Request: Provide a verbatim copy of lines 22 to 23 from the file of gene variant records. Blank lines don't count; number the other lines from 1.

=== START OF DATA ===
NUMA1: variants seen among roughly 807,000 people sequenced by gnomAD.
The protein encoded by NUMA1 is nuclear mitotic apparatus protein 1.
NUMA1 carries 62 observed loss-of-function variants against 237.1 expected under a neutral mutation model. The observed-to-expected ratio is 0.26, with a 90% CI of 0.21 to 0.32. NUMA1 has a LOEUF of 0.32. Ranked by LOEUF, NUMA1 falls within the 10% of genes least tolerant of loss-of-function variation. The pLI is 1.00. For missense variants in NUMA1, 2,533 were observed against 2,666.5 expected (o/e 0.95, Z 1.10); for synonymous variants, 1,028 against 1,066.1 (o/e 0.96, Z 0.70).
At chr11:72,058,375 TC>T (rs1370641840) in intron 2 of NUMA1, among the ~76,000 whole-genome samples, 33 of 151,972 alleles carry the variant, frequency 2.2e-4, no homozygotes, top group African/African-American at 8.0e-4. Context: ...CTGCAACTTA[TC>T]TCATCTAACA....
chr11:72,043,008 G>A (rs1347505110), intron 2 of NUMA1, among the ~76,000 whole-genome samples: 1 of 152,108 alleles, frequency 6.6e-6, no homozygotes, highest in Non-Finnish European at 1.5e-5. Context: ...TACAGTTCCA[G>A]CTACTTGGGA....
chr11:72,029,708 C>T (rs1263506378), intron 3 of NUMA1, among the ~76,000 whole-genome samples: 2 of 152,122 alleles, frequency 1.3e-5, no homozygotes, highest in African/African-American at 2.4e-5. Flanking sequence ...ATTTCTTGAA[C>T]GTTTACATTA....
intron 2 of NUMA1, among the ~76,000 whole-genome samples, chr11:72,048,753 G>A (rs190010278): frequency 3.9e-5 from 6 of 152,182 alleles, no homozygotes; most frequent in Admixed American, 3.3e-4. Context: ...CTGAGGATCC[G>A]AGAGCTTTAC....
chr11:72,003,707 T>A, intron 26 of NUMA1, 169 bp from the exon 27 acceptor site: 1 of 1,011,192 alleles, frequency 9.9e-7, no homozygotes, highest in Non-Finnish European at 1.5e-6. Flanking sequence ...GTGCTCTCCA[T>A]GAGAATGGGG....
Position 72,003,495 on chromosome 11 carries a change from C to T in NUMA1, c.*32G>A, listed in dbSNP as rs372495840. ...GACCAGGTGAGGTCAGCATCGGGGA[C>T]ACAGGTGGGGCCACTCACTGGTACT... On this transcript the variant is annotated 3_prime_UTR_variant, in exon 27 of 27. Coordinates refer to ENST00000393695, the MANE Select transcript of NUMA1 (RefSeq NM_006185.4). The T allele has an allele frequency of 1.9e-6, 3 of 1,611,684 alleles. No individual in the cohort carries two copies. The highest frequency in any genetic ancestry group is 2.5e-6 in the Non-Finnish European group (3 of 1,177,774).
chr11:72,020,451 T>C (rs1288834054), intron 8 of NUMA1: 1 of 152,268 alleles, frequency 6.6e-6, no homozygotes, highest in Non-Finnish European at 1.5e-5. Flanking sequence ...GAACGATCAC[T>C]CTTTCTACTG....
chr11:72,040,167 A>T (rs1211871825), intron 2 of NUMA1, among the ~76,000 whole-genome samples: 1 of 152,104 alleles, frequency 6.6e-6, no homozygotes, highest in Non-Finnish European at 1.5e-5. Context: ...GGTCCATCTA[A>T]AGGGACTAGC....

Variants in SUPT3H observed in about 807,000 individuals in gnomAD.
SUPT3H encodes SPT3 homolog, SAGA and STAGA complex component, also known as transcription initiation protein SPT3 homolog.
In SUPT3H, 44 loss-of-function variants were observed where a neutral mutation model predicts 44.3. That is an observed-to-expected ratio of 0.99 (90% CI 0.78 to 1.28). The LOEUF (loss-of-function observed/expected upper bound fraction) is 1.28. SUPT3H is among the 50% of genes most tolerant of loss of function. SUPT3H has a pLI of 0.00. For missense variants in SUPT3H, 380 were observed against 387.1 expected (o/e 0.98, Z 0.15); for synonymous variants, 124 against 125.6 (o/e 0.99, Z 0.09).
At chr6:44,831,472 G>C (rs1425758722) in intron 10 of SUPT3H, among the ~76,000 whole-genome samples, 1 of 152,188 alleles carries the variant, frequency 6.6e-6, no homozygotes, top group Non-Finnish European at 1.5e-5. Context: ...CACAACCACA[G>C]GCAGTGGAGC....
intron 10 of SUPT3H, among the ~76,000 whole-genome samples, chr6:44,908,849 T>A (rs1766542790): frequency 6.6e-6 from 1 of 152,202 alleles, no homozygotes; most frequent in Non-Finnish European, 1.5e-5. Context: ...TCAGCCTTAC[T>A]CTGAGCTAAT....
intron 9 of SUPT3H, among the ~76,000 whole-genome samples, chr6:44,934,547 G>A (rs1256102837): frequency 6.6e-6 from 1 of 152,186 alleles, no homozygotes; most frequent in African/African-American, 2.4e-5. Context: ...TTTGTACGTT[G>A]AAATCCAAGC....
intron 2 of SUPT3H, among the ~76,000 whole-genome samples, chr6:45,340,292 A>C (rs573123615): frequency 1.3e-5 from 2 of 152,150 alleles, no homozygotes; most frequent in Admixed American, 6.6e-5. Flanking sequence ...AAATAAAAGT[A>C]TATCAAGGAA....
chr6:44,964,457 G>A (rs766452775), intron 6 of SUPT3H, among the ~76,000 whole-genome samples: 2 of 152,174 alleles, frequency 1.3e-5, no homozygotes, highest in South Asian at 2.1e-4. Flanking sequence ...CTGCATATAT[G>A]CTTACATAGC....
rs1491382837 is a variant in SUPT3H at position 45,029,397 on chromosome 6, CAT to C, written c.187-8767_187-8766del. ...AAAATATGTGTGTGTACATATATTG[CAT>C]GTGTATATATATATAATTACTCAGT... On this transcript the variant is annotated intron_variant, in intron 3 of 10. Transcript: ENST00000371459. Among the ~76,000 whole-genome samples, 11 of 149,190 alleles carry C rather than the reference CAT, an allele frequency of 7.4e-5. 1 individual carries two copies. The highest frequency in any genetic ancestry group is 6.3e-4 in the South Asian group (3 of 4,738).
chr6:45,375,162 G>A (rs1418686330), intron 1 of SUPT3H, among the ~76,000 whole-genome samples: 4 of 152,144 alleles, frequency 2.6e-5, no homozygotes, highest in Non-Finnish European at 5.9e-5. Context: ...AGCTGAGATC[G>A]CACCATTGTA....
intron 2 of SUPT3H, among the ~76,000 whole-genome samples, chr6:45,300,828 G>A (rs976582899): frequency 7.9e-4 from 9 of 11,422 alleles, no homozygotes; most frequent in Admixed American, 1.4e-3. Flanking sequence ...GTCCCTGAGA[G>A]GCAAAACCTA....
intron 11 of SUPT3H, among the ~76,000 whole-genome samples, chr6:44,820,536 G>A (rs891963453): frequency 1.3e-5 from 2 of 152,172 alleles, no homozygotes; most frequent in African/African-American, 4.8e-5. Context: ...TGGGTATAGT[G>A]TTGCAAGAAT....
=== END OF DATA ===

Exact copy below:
intron 2 of SUPT3H, among the ~76,000 whole-genome samples, chr6:45,300,828 G>A (rs976582899): frequency 7.9e-4 from 9 of 11,422 alleles, no homozygotes; most frequent in Admixed American, 1.4e-3. Flanking sequence ...GTCCCTGAGA[G>A]GCAAAACCTA....
intron 11 of SUPT3H, among the ~76,000 whole-genome samples, chr6:44,820,536 G>A (rs891963453): frequency 1.3e-5 from 2 of 152,172 alleles, no homozygotes; most frequent in African/African-American, 4.8e-5. Context: ...TGGGTATAGT[G>A]TTGCAAGAAT....